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I'm going to tackle this answer in a few ways. The first is going to be cynical, and not personal thoughts/feelings.
Myers made the question of guilt or innocence ambiguous because he didn't want to push his reader in either direction. He didn't want to do that because he didn't want to offend anybody by saying one thing and having a group of readers be upset. I don't think this was Myers's intention, because by leaving it ambiguous, there will always be readers that are upset because it is ambiguous. That would be me. I really don't enjoy it when an author or movie director leaves those kinds of decisions up to me. I want to know. I'm not alone in this feeling either. Author Ray Bradbury even created a character with that mentality. Captain Beatty is all for burning books, because in his opinion they don't answer any questions. They leave readers with more questions than when they started.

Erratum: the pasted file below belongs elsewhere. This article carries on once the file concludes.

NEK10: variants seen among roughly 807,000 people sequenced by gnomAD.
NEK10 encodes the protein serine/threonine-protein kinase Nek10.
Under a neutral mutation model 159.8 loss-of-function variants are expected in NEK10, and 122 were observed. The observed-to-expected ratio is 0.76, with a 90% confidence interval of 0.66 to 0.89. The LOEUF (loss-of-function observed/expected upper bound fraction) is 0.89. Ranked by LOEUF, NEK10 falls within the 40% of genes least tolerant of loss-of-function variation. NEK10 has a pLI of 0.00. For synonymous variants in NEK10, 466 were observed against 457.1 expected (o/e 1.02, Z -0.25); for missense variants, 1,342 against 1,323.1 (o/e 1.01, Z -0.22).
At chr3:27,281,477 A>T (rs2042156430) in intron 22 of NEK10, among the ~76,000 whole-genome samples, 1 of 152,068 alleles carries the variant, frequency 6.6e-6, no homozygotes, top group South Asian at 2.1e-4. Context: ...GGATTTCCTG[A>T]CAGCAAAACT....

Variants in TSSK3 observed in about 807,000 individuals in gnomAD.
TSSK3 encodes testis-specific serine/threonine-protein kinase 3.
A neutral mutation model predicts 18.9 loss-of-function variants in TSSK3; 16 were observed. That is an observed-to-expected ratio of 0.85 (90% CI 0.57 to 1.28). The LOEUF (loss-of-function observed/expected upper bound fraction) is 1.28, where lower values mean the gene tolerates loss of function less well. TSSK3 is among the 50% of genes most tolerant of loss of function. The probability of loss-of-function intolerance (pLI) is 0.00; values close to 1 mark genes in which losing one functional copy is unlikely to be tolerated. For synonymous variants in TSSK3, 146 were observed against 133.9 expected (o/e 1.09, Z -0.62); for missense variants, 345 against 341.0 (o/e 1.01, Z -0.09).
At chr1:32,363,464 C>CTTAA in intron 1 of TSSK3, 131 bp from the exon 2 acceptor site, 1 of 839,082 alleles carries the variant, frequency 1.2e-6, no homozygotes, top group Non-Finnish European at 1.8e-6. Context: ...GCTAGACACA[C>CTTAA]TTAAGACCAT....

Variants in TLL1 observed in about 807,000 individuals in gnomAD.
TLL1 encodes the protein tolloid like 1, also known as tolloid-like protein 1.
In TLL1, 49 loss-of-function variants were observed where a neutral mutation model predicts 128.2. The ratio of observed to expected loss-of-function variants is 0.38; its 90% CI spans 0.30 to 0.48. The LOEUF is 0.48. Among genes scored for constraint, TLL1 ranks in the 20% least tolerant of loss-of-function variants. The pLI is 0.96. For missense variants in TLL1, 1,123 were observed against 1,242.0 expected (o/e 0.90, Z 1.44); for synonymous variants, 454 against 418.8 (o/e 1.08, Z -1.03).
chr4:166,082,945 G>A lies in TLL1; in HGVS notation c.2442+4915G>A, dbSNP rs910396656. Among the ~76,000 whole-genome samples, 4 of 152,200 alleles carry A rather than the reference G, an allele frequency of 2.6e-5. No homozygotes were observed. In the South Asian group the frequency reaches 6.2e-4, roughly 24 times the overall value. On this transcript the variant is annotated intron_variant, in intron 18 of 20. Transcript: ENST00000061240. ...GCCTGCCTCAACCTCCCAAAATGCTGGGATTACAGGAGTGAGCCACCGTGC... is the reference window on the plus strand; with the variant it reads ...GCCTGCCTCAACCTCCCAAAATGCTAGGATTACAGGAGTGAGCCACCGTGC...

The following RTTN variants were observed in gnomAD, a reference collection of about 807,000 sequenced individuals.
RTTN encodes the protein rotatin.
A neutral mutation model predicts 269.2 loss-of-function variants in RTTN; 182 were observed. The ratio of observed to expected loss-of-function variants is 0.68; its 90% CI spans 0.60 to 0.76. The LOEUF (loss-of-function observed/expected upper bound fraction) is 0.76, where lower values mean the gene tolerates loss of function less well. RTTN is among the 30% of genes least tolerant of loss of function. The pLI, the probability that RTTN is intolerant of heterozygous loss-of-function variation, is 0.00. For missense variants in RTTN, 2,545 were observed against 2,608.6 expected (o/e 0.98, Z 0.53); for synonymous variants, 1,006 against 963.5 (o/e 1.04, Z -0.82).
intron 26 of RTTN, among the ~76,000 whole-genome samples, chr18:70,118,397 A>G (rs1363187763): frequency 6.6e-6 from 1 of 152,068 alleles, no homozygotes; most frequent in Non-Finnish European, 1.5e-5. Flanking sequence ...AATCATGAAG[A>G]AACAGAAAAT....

Of course that is also why books are so fun to discuss. One reader can interpret an author's work one way, while another reader may interpret it completely differently. There often isn't a right or wrong answer either, because both readers can effectively defend their opinion using evidence from the piece of literature. I think that is why Myers left the question of guilt or innocence ambiguous. The book sparks discussion because both answers could be correct.
I also think that Myers left it ambiguous because that is more true to life. Not everything that every person ever does is always completely black and white. Life is full of "grey" areas. Do you cause harm to another person in order to save someone else from harm? Yes causes you to do harm. No means that you allowed harm to befall on someone that you could have helped. By leaving the question of guilt or innocence ambiguous, Myers is more accurately reflecting the real world in his fictional story.
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